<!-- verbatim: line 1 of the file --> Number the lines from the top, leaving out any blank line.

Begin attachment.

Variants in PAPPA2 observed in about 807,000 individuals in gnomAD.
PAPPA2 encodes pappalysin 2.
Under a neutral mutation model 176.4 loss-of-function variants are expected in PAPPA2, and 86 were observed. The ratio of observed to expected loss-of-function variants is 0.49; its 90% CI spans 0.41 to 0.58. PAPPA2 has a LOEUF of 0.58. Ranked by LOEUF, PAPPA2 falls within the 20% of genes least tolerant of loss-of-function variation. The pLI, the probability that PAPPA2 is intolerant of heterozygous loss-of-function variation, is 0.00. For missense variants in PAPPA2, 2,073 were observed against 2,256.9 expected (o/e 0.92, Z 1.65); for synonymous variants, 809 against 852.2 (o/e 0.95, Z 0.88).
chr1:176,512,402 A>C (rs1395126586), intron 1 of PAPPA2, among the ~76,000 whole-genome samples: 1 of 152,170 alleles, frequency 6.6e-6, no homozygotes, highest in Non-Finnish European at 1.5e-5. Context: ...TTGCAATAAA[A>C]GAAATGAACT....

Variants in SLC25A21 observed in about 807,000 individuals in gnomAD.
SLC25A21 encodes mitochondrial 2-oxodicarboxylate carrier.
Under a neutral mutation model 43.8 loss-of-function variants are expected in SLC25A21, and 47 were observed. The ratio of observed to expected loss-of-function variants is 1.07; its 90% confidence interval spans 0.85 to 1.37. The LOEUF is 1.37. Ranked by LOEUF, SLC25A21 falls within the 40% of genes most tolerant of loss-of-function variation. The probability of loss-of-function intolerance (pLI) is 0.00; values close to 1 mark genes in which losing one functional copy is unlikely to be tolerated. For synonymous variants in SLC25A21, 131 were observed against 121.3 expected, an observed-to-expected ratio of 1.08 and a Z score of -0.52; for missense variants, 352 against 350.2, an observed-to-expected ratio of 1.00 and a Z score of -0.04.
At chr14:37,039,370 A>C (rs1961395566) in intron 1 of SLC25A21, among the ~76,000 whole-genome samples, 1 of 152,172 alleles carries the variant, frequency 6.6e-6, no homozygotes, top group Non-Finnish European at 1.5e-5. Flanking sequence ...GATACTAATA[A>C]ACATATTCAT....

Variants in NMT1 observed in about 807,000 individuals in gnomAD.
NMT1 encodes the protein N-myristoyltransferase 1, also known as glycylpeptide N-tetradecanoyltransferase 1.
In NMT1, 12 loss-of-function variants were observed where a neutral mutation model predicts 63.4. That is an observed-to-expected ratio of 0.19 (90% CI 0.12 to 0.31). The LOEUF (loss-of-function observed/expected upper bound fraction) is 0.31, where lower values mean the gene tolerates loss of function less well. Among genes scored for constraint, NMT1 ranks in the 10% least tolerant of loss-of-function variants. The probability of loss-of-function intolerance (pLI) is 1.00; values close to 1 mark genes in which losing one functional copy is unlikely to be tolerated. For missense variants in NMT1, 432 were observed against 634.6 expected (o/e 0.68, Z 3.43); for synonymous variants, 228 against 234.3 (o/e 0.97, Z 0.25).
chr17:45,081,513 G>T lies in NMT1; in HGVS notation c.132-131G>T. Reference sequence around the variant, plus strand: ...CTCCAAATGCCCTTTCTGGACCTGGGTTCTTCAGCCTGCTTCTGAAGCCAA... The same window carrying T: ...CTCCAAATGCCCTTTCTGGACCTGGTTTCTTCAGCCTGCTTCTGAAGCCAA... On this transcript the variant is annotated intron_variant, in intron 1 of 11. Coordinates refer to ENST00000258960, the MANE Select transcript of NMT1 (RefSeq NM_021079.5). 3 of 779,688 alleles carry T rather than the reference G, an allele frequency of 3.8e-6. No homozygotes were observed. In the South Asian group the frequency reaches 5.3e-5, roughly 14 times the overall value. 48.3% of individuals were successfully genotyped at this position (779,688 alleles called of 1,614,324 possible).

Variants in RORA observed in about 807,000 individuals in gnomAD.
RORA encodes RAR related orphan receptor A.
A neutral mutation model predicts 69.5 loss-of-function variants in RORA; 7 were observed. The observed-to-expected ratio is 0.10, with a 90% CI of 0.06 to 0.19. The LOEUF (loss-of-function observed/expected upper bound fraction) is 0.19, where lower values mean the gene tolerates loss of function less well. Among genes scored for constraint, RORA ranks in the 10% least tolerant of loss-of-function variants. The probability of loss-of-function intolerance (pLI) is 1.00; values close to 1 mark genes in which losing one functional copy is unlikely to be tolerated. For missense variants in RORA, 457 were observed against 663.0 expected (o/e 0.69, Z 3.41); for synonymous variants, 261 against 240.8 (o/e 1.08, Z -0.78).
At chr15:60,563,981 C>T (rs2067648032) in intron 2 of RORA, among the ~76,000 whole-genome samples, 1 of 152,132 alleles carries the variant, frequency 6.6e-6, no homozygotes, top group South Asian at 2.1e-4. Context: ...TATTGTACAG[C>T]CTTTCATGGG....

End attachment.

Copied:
Variants in PAPPA2 observed in about 807,000 individuals in gnomAD.